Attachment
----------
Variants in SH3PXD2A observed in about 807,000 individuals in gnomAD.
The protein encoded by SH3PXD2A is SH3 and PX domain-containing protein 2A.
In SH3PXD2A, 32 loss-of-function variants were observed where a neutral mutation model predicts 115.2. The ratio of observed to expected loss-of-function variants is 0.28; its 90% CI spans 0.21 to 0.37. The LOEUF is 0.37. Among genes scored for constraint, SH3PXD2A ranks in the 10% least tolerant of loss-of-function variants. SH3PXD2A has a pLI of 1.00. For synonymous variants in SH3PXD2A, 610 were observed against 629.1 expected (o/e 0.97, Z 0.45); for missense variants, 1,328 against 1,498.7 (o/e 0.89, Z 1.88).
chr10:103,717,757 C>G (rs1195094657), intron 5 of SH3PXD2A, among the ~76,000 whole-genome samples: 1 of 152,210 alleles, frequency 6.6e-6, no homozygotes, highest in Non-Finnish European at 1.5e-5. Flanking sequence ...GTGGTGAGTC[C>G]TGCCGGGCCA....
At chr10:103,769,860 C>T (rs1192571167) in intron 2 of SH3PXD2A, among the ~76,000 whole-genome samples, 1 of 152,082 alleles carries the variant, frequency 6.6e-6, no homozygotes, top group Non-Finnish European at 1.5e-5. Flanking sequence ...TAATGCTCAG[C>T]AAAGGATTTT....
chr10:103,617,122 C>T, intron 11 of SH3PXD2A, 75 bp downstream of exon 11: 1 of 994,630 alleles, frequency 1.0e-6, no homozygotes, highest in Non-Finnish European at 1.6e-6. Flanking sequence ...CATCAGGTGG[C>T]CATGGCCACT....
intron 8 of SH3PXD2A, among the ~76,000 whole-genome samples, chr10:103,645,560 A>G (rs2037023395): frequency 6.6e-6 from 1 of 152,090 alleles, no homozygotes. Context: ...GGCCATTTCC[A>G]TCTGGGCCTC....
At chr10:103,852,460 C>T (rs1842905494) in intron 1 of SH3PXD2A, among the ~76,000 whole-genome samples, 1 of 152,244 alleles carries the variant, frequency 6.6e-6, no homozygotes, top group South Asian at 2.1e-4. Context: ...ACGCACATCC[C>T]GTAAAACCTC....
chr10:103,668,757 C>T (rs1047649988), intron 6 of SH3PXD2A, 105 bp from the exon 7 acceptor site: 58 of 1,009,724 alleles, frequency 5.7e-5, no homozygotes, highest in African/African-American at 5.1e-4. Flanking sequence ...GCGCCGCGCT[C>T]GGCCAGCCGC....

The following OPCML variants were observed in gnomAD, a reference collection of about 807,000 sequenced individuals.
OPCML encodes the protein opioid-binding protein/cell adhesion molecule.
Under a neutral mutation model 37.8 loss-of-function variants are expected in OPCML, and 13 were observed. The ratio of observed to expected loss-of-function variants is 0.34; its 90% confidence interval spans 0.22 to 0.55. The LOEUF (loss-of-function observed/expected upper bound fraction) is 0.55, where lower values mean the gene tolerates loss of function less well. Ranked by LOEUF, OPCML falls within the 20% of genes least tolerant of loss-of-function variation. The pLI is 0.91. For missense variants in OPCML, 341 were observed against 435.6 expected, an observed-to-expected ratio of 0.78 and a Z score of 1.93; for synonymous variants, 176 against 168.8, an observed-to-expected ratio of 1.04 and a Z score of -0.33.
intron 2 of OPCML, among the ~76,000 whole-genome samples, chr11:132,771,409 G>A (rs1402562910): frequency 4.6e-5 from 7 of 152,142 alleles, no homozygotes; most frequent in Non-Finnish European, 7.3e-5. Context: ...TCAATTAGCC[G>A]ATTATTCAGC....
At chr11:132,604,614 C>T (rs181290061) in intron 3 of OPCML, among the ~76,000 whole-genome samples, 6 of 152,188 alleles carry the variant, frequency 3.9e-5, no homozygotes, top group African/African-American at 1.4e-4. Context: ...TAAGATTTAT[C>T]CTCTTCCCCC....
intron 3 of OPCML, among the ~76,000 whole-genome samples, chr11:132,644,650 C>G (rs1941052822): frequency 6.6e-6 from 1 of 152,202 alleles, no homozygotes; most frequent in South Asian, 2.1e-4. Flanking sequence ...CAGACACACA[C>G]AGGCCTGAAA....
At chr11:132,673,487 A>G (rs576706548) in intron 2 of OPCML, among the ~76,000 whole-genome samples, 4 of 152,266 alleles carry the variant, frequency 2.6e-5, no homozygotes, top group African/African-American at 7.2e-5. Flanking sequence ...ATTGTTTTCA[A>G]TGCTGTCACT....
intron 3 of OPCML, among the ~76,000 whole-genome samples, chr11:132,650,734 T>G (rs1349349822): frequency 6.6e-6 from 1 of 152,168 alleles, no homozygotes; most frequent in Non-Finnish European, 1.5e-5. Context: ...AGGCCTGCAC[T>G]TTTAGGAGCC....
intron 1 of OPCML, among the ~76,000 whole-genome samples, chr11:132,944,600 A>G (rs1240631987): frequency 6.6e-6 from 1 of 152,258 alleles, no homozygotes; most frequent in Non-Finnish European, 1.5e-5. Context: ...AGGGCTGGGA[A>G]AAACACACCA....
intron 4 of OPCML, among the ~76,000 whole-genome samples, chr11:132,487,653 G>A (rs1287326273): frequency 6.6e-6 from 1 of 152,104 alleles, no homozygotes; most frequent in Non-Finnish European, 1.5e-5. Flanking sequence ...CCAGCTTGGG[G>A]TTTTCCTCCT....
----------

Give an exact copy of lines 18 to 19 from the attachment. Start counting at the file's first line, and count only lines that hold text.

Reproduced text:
intron 1 of OPCML, among the ~76,000 whole-genome samples, chr11:132,944,600 A>G (rs1240631987): frequency 6.6e-6 from 1 of 152,258 alleles, no homozygotes; most frequent in Non-Finnish European, 1.5e-5. Context: ...AGGGCTGGGA[A>G]AAACACACCA....
intron 4 of OPCML, among the ~76,000 whole-genome samples, chr11:132,487,653 G>A (rs1287326273): frequency 6.6e-6 from 1 of 152,104 alleles, no homozygotes; most frequent in Non-Finnish European, 1.5e-5. Flanking sequence ...CCAGCTTGGG[G>A]TTTTCCTCCT....